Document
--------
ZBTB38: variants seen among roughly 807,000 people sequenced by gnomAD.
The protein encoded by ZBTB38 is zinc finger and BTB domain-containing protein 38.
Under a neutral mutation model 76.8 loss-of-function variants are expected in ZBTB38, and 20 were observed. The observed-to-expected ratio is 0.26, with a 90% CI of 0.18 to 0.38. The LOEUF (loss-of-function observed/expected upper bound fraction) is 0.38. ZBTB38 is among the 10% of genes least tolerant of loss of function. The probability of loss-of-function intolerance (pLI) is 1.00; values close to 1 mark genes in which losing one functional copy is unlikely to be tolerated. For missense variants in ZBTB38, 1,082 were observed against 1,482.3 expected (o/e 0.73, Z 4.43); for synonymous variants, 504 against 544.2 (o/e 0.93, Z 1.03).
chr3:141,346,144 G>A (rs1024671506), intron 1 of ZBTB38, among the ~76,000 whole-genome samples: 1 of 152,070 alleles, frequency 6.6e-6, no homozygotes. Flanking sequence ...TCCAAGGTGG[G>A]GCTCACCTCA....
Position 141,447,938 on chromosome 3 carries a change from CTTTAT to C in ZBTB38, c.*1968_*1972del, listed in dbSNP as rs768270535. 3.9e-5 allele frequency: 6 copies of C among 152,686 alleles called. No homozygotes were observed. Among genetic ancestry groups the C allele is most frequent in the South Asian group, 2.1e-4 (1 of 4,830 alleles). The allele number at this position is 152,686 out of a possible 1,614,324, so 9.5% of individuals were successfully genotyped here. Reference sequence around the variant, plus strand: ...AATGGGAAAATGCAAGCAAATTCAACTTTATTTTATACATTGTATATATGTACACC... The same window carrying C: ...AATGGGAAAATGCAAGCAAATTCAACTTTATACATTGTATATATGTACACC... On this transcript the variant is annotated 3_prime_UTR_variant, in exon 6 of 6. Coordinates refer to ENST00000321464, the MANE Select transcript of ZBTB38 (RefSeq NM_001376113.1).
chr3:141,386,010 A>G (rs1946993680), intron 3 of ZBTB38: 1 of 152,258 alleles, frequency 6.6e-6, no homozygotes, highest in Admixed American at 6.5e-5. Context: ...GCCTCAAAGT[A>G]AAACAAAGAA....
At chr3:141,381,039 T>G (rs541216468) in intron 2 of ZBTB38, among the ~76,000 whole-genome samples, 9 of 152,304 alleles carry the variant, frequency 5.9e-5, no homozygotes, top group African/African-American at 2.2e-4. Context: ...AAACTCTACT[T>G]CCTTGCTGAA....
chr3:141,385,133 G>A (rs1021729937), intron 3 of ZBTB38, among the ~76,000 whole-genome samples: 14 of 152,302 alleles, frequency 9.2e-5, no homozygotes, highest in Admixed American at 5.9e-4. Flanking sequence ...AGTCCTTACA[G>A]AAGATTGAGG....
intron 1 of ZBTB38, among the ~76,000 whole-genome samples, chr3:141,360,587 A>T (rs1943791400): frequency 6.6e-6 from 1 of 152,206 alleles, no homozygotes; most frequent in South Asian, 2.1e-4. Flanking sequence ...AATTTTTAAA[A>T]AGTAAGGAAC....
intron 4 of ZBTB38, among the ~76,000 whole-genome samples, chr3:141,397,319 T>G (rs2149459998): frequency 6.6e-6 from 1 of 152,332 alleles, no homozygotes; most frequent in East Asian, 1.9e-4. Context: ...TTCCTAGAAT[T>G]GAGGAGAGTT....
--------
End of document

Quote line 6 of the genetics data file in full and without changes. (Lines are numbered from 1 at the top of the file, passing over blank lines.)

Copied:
chr3:141,386,010 A>G (rs1946993680), intron 3 of ZBTB38: 1 of 152,258 alleles, frequency 6.6e-6, no homozygotes, highest in Admixed American at 6.5e-5. Context: ...GCCTCAAAGT[A>G]AAACAAAGAA....